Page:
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Area farmers share their pick of the crop

on June 28, 2015 1:54 AM

The Indiana County Farmers’ Market is in full swing and farmers are eager to share what they are growing. Their fresh produce is sold at the Indiana County Farmers’ Market every Wednesday from 3 to 5:30 p.m. on Wayne Avenue across from the Kovalchick Complex and every Saturday from 9 a.m. to noon at Eighth and Church streets. Two area farmers shared a few vegetables that are in season now and how to enjoy them.

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Meet the Farmer: Chuck Flinn is a University of Missouri-trained forester. He is experienced in plant propagation and nursery management. He is co-owner of Flinn’s Treasure Tree Nursery, which is owned and operated by the Flinn family.

What is it: Kale is a cruciferous vegetable which is in the family brassicaceae. Other cruciferous vegetables include broccoli, cabbage, cauliflower, Brussels sprouts and radishes. Kale is packed with vitamin C and soluble fiber. In addition, it contains multiple nutrients and phytochemicals.

How its grown: The season for kale starts early and ends as late as November, making it a popular vegetable to grow. Kale can stand light freezes, which is why it can last so late in the year. Kale grows best in cool weather conditions and planted in normal garden soil that is well drained. It also needs at least a half day of sun.

Multiple varieties: “The Siberian kale is a popular variety that has fairly flat leaves with curly tips and edges and is a good producer. The flat leaf parts make it an excellent candidate for kale chips, which are baked in the oven to make a product like a potato chip but healthier,” Flinn said. This year he is growing Nero di toscana, a smooth blue kale that grows slower but produces a premium sweet leaf for eating.

Why eat it: One serving of kale is only 30 calories. That same serving is packed with a daily requirement of vitamin C, seven times the recommended intake of vitamin K and twice the recommended intake of vitamin A.

Serve it up: Kale can be slightly more challenging to prepare than other greens due to its slightly bitter flavor and sturdy texture. Don’t let that intimidate you.

Here is one way to prepare this superfood:

Roasted Squash and Kale Salad

1 butternut squash

2 tablespoons olive oil

3 tablespoons brown sugar

1/2 teaspoon salt

1/3 teaspoon pepper

1 pound kale, thinly sliced

1 cucumber, peeled and julienned

1/4 cup thinly sliced red onion

2 teaspoons low-sodium soy sauce

1 tablespoon fresh lime juice

2 teaspoons sesame oil

1 teaspoon sugar

2 tablespoons creamy peanut butter

2 teaspoons fresh ginger

1 tablespoon water

 

Preheat oven to 400F. Peel, seed and cut butternut squash into 1-inch chunks. Toss with olive oil, brown sugar, salt, and pepper; bake for 25 minutes. Remove from oven; cool.

Toss with kale, cucumber and red onion. In a blender, puree low-sodium soy sauce, fresh lime juice, sesame oil, sugar, creamy peanut butter, fresh ginger and water. Drizzle salad with dressing; serve.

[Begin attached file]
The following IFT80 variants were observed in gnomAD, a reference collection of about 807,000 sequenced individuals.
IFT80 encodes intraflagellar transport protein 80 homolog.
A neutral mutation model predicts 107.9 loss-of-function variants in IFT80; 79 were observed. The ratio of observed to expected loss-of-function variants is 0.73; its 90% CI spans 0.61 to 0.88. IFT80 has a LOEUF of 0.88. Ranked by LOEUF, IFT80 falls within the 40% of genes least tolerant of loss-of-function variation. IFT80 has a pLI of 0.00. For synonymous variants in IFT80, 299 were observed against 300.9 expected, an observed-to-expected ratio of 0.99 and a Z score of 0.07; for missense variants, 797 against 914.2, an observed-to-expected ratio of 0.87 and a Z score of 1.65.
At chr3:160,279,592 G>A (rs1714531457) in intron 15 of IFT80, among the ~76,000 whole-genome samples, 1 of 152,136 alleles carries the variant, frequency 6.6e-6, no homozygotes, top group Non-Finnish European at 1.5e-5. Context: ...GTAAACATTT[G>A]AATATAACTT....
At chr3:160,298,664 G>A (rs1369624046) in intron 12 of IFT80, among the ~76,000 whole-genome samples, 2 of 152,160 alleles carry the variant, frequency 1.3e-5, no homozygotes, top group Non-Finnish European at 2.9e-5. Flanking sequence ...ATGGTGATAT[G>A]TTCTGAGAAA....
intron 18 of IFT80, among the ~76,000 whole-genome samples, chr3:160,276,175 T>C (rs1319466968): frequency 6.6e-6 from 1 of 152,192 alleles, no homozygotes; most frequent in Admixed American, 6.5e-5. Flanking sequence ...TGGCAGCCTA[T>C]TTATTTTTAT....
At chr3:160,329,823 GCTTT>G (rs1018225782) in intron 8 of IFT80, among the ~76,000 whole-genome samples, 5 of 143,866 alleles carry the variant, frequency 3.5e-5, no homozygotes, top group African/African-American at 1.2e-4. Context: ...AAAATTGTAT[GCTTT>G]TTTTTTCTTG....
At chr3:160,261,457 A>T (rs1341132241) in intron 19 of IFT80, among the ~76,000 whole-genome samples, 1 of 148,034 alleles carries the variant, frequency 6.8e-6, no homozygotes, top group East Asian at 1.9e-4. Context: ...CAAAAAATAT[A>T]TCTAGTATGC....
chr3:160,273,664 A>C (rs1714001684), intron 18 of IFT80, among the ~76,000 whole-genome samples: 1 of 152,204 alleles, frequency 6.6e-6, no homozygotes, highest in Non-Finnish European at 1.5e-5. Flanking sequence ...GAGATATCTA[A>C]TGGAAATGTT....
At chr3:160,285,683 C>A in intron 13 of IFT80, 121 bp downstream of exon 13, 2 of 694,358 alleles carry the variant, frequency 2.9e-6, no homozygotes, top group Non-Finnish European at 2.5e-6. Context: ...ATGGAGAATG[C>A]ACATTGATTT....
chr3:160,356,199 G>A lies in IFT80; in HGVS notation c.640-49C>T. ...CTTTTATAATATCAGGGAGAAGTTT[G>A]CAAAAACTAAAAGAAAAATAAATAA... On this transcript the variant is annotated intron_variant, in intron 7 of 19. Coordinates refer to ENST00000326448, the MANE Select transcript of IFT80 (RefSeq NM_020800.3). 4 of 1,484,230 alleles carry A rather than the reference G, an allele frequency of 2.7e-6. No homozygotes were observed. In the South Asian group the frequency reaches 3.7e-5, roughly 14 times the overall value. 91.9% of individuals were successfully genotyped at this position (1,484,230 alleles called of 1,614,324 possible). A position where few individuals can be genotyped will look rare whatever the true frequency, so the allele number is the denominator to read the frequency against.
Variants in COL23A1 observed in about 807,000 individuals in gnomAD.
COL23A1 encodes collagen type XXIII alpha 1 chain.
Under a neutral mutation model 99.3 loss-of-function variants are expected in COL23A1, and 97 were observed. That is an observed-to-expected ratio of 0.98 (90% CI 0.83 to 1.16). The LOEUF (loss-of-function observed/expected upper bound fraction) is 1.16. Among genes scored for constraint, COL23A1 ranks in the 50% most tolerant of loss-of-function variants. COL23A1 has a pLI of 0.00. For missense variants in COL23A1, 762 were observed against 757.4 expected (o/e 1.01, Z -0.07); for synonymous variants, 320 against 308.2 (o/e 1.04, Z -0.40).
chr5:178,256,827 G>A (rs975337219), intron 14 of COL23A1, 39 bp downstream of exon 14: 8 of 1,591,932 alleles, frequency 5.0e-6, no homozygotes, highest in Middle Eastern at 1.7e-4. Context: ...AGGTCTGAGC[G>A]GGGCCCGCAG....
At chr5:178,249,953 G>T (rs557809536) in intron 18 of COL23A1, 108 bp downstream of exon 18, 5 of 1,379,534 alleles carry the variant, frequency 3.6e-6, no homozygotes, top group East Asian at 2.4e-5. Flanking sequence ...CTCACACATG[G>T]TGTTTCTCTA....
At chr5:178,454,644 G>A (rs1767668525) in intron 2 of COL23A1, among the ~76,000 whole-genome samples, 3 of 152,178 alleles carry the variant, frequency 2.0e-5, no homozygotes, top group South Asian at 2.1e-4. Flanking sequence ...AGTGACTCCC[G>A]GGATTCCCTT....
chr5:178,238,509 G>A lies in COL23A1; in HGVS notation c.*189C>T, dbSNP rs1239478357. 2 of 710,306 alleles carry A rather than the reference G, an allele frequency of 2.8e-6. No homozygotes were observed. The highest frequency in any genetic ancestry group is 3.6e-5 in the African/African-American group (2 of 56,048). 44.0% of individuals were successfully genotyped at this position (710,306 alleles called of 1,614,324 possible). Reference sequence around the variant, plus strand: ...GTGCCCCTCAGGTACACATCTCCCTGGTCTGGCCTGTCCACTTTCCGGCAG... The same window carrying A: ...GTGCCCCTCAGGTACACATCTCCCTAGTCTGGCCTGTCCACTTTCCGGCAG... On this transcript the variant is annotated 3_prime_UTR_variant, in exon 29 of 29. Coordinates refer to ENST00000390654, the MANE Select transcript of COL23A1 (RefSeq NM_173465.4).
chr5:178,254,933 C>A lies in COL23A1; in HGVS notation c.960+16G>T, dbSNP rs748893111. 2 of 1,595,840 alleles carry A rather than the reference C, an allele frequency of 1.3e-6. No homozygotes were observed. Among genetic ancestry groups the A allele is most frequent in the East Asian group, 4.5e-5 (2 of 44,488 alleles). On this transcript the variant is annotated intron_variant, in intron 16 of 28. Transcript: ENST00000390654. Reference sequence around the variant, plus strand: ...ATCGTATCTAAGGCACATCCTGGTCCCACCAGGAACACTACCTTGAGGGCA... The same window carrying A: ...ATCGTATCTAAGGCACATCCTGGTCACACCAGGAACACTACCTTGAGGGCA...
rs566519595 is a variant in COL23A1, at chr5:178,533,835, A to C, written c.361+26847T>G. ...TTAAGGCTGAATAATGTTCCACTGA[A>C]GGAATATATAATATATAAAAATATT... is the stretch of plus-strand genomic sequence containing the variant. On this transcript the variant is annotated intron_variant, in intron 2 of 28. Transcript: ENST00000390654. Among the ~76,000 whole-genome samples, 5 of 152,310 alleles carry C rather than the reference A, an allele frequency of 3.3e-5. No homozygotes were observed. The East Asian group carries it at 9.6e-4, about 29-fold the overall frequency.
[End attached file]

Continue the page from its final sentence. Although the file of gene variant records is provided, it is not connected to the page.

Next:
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Meet the Farmer: Chloe Drew has worked for the Indiana County Farmers’ Market for three years. A mother of two, she volunteers her time marketing, blogging and scheduling events for the community, musician, kids’ and artisan tents. Chloe is a Master Gardener as well as member of the Indiana Community Garden. She started Mother Earth Farm, a small-scale farm, in the fall of 2014. Mother Earth Farm specializes in unique heirlooms and organic seed varieties and takes pride in growing products naturally without the use of chemicals.

What is it: Chard is a leafy green vegetable with a thick and crunchy stalk that is white, red or yellow. Chard comes from the Amaranthaceae family.

Related vegetables include beets and spinach. Commonly referred to as Swiss chard, it is highly nutritious as it is full of vitamins A, K and C.

How it’s grown: Read what Chloe Drew has to say about chard: “Chard is an early spring crop and is a hardy green. It is started indoors at our farm in early April and transplanted once the danger of hard frosts are past. It can tolerate cool weather but tends to wilt once the days are continually reaching the upper 80s. It’s ideal for salads because the stem and leaf veins turn a beautiful red color early on. It also can be harvested larger once the stems are more firm.”

Multiple varieties: Often referred to as Rainbow Chard, chard can come in colorful stems. This year, Mother Earth Farm is growing Ruby Red, or Rhubarb Chard. This type of chard has bright green leaves with a crimson red stem, like the name implies.

Drew said that Ruby Red “is an heirloom variety, meaning the plant and seeds have been unaltered for the last 60 years. Usually these varieties of plants are ones that have been passed down generation to generation among families and neighbors. They usually have superior appearance and flavor.

Why eat it: Chard is rich in antioxidants and alpha- and beta-carotene. Like many dark leafy greens, it has possible links to lowering blood pressure, managing diabetes and preventing osteoporosis.

Serve it up: Chard is often used in Mediterranean cooking but can also be added to omelets, smoothies and sandwiches. It can be prepared similarly to spinach, but most people prefer cutting out the thick stem and either discarding it or saving it for a recipe that calls for the stem.

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